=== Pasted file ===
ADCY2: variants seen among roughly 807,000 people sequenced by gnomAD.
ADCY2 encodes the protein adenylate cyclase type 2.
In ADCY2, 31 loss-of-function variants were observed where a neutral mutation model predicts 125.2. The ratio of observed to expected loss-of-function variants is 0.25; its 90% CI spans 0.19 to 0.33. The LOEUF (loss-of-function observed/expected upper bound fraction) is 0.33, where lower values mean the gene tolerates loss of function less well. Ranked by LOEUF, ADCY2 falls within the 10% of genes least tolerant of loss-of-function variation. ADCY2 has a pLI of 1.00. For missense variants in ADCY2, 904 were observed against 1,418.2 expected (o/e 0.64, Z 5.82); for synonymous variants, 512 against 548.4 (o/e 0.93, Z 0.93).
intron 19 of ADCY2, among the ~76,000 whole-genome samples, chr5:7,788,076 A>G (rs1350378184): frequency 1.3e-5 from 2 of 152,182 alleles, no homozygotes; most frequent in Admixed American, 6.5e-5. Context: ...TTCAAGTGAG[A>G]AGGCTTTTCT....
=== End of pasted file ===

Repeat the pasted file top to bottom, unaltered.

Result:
ADCY2: variants seen among roughly 807,000 people sequenced by gnomAD.
ADCY2 encodes the protein adenylate cyclase type 2.
In ADCY2, 31 loss-of-function variants were observed where a neutral mutation model predicts 125.2. The ratio of observed to expected loss-of-function variants is 0.25; its 90% CI spans 0.19 to 0.33. The LOEUF (loss-of-function observed/expected upper bound fraction) is 0.33, where lower values mean the gene tolerates loss of function less well. Ranked by LOEUF, ADCY2 falls within the 10% of genes least tolerant of loss-of-function variation. ADCY2 has a pLI of 1.00. For missense variants in ADCY2, 904 were observed against 1,418.2 expected (o/e 0.64, Z 5.82); for synonymous variants, 512 against 548.4 (o/e 0.93, Z 0.93).
intron 19 of ADCY2, among the ~76,000 whole-genome samples, chr5:7,788,076 A>G (rs1350378184): frequency 1.3e-5 from 2 of 152,182 alleles, no homozygotes; most frequent in Admixed American, 6.5e-5. Context: ...TTCAAGTGAG[A>G]AGGCTTTTCT....